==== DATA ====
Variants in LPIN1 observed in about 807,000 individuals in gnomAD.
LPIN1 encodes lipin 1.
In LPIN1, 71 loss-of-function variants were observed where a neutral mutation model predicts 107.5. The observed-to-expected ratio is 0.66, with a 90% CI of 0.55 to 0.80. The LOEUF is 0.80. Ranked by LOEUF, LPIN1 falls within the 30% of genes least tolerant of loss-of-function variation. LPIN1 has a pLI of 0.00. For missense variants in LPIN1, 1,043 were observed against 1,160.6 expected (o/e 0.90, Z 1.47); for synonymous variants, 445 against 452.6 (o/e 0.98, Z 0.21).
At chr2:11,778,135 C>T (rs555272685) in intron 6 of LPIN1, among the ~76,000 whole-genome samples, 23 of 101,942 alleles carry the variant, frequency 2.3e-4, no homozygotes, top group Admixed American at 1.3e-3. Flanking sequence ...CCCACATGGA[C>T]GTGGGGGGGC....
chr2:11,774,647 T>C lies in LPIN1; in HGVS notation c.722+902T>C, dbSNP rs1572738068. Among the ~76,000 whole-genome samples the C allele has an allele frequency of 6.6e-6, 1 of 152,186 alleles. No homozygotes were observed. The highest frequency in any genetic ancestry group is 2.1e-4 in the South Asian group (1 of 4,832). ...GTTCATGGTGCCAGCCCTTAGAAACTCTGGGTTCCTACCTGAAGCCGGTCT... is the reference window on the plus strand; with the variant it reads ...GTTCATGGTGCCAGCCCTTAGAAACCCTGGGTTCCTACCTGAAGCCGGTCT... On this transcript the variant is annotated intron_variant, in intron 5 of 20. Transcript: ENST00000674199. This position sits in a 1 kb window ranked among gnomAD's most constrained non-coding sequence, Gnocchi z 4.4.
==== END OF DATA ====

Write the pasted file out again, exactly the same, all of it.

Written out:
Variants in LPIN1 observed in about 807,000 individuals in gnomAD.
LPIN1 encodes lipin 1.
In LPIN1, 71 loss-of-function variants were observed where a neutral mutation model predicts 107.5. The observed-to-expected ratio is 0.66, with a 90% CI of 0.55 to 0.80. The LOEUF is 0.80. Ranked by LOEUF, LPIN1 falls within the 30% of genes least tolerant of loss-of-function variation. LPIN1 has a pLI of 0.00. For missense variants in LPIN1, 1,043 were observed against 1,160.6 expected (o/e 0.90, Z 1.47); for synonymous variants, 445 against 452.6 (o/e 0.98, Z 0.21).
At chr2:11,778,135 C>T (rs555272685) in intron 6 of LPIN1, among the ~76,000 whole-genome samples, 23 of 101,942 alleles carry the variant, frequency 2.3e-4, no homozygotes, top group Admixed American at 1.3e-3. Flanking sequence ...CCCACATGGA[C>T]GTGGGGGGGC....
chr2:11,774,647 T>C lies in LPIN1; in HGVS notation c.722+902T>C, dbSNP rs1572738068. Among the ~76,000 whole-genome samples the C allele has an allele frequency of 6.6e-6, 1 of 152,186 alleles. No homozygotes were observed. The highest frequency in any genetic ancestry group is 2.1e-4 in the South Asian group (1 of 4,832). ...GTTCATGGTGCCAGCCCTTAGAAACTCTGGGTTCCTACCTGAAGCCGGTCT... is the reference window on the plus strand; with the variant it reads ...GTTCATGGTGCCAGCCCTTAGAAACCCTGGGTTCCTACCTGAAGCCGGTCT... On this transcript the variant is annotated intron_variant, in intron 5 of 20. Transcript: ENST00000674199. This position sits in a 1 kb window ranked among gnomAD's most constrained non-coding sequence, Gnocchi z 4.4.